Adding a Multi-value parameter to a report is so easy in SSRS. If you only want one. If you want more than one things get a whole lot more complicated. For example, inline SQL is no longer even an option as far as I can tell. You must create a stored procedure to handle the request.
Recently, I had the pleasure of assisting a cohort with the following dilemma: a stored procedure would serve the correct results when run as inline SQL; (i.e. commenting out the create procedure code) but, incorrect results were retrieved when the stored procedure was executed through SSRS.
I ran a profiler trace and it appeared at first glance as if the SSRS engine was sending the same parameters as the inline SQL. Example: exec rpt_someSillyCode @variable=N’this,that,the other’
Notice the N? I think that means NVarchar.
Turns out this situation was caused by the fact that in his procedure declaration the variable lengths were defined as 10 characters; but, when he ran the procedure as inline SQL his test variables were defined as 20 characters.
The whole ordeal reminded me of the fact that multi-value parameters can be a real pain so I wanted to document what I know.
There are at least three different design patterns (that I know about) when dealing with multi-value parameters in SSRS.
Pattern #1, Dynamic SQL:
SET @variable = CHAR(39) + replace(@variable, ',', CHAR(39) + ',' + CHAR(39)) + CHAR(39) --@variable is a multi-value parameter sent from SSRS SET @strSQL = 'Select SUM(stuff) as StuffSum into #ReportTempTable from #ADifferentTempTable Where VariableColumn IN (' + @variable + ')'; --print @strSQL EXECUTE (@strSQL)
Design Pattern #2, Use a function to parse the multi-value:
CREATE FUNCTION SplitParameterValues ( @InputString NVARCHAR(max) ,@SplitChar CHAR(5) ) RETURNS @ValuesList TABLE (param NVARCHAR(255)) AS BEGIN DECLARE @ListValue NVARCHAR(max) SET @InputString = @InputString + ',' WHILE @InputString <> '' BEGIN SELECT @ListValue = SUBSTRING(@InputString, 1, CHARINDEX(',', @InputString) - 1) INSERT INTO @ValuesList SELECT @ListValue SELECT @InputString = SUBSTRING(@InputString, CHARINDEX(',', @InputString) + 1, LEN(@InputString) - CHARINDEX(',', @InputString)) END RETURN END
Design Pattern #3, Parse the multi-value parameters into a #temp table and join to it
This is done in a similar fashion to the function. Except the parsing is done right in the stored procedure. This can be used in conjunction with an ‘All’ member.
Click here to download an SSRS solution and related SQL that demonstrates all three design patterns.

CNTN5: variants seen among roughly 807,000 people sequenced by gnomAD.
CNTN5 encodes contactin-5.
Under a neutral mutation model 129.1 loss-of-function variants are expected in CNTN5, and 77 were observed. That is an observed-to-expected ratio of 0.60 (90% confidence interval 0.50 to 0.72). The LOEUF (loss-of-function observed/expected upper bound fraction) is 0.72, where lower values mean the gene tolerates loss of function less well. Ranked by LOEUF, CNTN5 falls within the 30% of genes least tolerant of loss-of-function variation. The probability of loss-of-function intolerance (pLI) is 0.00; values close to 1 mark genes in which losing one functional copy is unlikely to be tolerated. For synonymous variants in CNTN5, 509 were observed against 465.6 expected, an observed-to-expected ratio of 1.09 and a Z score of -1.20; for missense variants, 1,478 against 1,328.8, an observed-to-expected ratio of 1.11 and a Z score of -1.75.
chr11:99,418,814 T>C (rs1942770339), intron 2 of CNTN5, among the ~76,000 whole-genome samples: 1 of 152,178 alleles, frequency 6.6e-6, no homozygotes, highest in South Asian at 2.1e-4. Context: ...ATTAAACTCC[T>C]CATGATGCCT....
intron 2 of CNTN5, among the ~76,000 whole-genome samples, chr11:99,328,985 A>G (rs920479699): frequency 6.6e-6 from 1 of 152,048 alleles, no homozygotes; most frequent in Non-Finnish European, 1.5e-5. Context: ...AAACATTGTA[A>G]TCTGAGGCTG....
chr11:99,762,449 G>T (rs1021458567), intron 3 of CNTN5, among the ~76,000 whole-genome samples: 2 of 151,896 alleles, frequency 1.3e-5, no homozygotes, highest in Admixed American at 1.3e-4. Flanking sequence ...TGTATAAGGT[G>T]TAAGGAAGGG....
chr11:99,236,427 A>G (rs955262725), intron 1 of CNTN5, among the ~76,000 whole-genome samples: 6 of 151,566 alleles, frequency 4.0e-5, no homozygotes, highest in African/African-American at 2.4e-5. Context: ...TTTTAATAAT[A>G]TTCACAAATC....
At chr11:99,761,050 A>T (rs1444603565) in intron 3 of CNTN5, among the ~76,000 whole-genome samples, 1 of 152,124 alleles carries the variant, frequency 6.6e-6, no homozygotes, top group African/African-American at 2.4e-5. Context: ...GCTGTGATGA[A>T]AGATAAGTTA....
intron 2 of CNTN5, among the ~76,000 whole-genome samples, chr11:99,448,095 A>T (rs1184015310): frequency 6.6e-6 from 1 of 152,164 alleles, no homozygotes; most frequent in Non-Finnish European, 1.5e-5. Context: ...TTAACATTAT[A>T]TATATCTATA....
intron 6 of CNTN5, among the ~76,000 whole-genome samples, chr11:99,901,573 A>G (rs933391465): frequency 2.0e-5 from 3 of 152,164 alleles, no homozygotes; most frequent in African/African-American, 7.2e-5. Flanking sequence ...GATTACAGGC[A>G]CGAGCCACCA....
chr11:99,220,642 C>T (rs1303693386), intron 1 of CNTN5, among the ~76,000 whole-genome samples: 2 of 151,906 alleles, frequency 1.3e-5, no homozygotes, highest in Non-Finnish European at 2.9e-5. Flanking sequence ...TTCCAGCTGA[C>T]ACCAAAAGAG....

The whole multi-value parameter thing can be a huge problem once you dig into it. Check the links below for the pages that really helped me see the light. Many think Microsoft should have given developers the option to hide the ‘select all’ option and provide our own ‘all’ solution (see this connect link.) This would prevent SSRS from sending a huge string of values that basically meant all of my values separted by columns as opposed to sending just the word ‘everything.’ These clever technicians have devised a multitude of ways around this.
Using Multi-Select in SSRS
Passing multi-value parameter in stored procedure (SSRS report)
Create a Table valued function in SQL Functions as below
CREATE FUNCTION [dbo].[FnSplit] ( @List NVARCHAR(2000) ,@SplitOn NVARCHAR(5) ) RETURNS @RtnValue TABLE ( Id INT identity(1, 1) ,Value NVARCHAR(100) ) AS BEGIN WHILE (Charindex(@SplitOn, @List) > 0) BEGIN INSERT INTO @RtnValue (value) SELECT Value = ltrim(rtrim(Substring(@List, 1, Charindex(@SplitOn, @List) - 1))) SET @List = Substring(@List, Charindex(@SplitOn, @List) + len(@SplitOn), len( @List)) END INSERT INTO @RtnValue (Value) SELECT Value = ltrim(rtrim(@List)) RETURN END
Step 2 in your store procedure change the parameter where condition something like below
CREATE PROCEDURE [dbo].[SomeSP] -- Add the parameters for the stored procedure here @CostCentre NVARCHAR(255) AS BEGIN SELECT [ProjectCode] ,[ProjectName] ,[ProjectManager] ,SUM([Hours]) AS [Hours MTD] FROM dbo.Rpt_NRMA_CATS NC INNER JOIN PeriodID P ON NC.PeriodID = P.PeriodID WHERE ([CostCentre]) collate database_default IN ( SELECT Value FROM dbo.FnSplit(@CostCentre, ',') ) END
Know another way? Please leave a comment.